That would perhaps explain why a somebody ‘representing’ the ‘CGT’ was present at a sovereigntist Camden rally for ‘left-wing’ Brexit before the UK referendum.

POI are not to be confused with their arch rivals, the Parti ouvrier indépendant démocratique (POID – how we chuckled at the ‘weighty’ name).

The two split, very acrimoniously, a couple of years ago.

POID ran their own  pro-Brexit beano in Paris around the same time, attended by anti-internationalist forces from British unions, including the Aaron Banks backed Trade Unionists Against the EU, and which received fraternal greetings from the Morning Star.

The two are united in opposing internationalism in general and the European Union in particular.

Both groupuscules, though small in number – not that small, POID have a few councilors, like Christel Keiser, (Seine-Saint-Denis) – live, like the Socialist Party in the UK, from their hold on paid union positions.

Who says Lambertist says the dirty deeds needed to keep these places.

Whether they are linked to this skulduggery or not we do not, as yet, know.

This is the news today about FO, Pavageu’s mates apparently spent their time not just plotting against his predecessor, but building up large files of information against him and his supporters:

Des cadres de Force ouvrière fichés par des proches du secrétaire général, Pascal Pavageau

Written by Andrew Coates

October 10, 2018 at 4:09 pm

New Blows for Tony Greenstein Led Labour Against the Witch-hunt.

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Image result for sir roderick glossop

Nerve Specialist Sir Roderick Glossop on Watch as News Breaks of New Crisis for Labour Against the Witch-hunt.

Posts by a Jewish blogger in London have been removed from US-based writing platform Medium after he alleged that the antisemitism rally in Manchester last month was supported by the far-right.

Reports the Jewish News today.

The Medium story has already been revealed by our ace reporters but this aspect is not:

Following a complaint from the Board of Deputies, the site took action against Tony Greenstein, who has been expelled from the Labour Party. He currently co-chairs Labour Against the Witch-hunt, which argues that the party’s antisemitism scandal is purposefully overblown and counts MP Chris Williamson among its supporters.

The Board drew attention to Greenstein’s article titled: ‘NW [North West] Friends of Israel, Tommy Robinson and the EDL [English Defence League] are Holding a Demonstration Against Antisemitism in Manchester.’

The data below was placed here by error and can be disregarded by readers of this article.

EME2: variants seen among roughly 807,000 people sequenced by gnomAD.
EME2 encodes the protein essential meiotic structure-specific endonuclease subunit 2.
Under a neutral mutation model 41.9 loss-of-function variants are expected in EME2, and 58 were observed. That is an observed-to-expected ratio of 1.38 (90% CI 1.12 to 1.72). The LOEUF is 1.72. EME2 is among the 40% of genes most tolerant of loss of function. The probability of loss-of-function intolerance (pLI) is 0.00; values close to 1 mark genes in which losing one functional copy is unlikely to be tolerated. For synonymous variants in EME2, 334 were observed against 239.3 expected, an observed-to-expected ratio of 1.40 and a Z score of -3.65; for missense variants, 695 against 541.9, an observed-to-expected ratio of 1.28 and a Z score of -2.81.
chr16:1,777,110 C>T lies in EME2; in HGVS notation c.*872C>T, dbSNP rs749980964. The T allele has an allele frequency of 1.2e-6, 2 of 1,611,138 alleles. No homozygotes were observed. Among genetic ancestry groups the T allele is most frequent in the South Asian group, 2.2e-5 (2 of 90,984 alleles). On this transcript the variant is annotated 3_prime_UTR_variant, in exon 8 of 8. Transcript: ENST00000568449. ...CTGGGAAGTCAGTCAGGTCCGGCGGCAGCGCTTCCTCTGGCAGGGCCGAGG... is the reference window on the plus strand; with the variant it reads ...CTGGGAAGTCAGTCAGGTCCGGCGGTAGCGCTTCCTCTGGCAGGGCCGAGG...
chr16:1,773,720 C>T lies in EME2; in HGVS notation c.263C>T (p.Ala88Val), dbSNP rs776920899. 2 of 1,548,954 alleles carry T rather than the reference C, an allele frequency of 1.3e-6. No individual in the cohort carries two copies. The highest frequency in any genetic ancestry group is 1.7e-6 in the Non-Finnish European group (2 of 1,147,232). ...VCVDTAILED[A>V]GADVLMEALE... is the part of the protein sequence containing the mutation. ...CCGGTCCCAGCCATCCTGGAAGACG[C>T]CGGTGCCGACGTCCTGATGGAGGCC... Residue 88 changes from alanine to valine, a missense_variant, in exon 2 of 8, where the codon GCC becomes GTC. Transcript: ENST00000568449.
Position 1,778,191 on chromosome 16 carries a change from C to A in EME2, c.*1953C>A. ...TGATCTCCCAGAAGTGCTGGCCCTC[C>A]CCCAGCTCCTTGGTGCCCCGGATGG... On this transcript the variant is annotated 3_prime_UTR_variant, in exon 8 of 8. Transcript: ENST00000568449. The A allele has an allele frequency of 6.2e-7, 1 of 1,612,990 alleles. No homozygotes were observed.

Anthony Silkoff of the Board said: “This is a complete lie with no factual basis… There was absolutely no involvement of the EDL and Tommy Robinson, indeed the organisations involved have denounced Tommy Robinson multiple times.”

Meanwhile … Labour Against the Witch-Hunt backer Williamson has difficulties of his own:

Labour MP Chris Williamson Facing Deselection Threat After Union Anger

The Labour MP for Derby North, Chris Williamson, will “definitely” be challenged under new party rules that have made it easier to oust sitting MPs, several sources have said.

Williamson is expected to face a “trigger ballot” in his marginal Westminster constituency as local activists take advantage of changes that mean just a third of union branches are needed to force a contest.

………

He’s definitely going to be triggered,” a source at one of the big trade union told HuffPost UK. “No doubt about it.”

A key figure in another major union, who preferred not to be named, confirmed Williamson would be targeted, as members wanted an MP who was less divisive and who was fully committed to the union link.

Even non-union party members locally are understood to be unhappy that Williamson hasn’t been focusing enough on Derby – where Labour lost control of the council to the Conservatives this year – rather than touring the country.

“He doesn’t realise how unpopular he is,” one said. Another source said that Williamson’s decision to hold his roadshow in the seats of some strongly union-backed MPs was another factor. “If the unions get a strong enough local candidate, he could well lose.”

And in case anybody wonders why many on the left are not fond of Williamson look no further than this article in the Huff Post:

Labour MP Chris Williamson’s Praise For Blogger Who Called Jo Cox A ‘Warmongering Blairite’

The party is ‘looking into’ Chris Williamson’s comments.

 

Noted Nerve Specialist Sir Roderick Glossop is said to be at the ready to help, in a caring way, with any crises that Greenstein may have after reading the Jewish News report.

Written by Andrew Coates

October 9, 2018 at 4:44 pm

Rancière: ‘Post Democracy’, Populism, and Anti-Anti-Populism (Part Two: Cultural Revolutions).

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Résultat de recherche d'images pour "rancière la leçon d'althusser"

 

Rancière, Part Two. Cultural Revolutions.

“La rhétorique est une parole en révolte contre la condition poétique de l’être parlant. Elle parle pour faire taire. Tu ne parleras plus, tu ne penseras plus, tu feras ceci, tel est son programme.”

Rhetoric is a language in revolt against the poetic state of the speaking being. It talks in order to silence. You shall not speak further; you shall not think further, you shall do this, that’s its programme.

Rancière, Le Maître Ignorant. 1987 (1)

What is the substance of Rancière’s work? Rancière is a critic of the “post-democratic” world of the capitalist present. In this sense ‘anti-anti-populism’ is principally a sign that he welcomes dissatisfaction and protests against a world ruled by the “self-regulation of capital” and the “painless elimination of politics by consensus” Dissensus  “a logic of disruption” “ a process of equality” can enter the scene, an upset to the “consensual order”.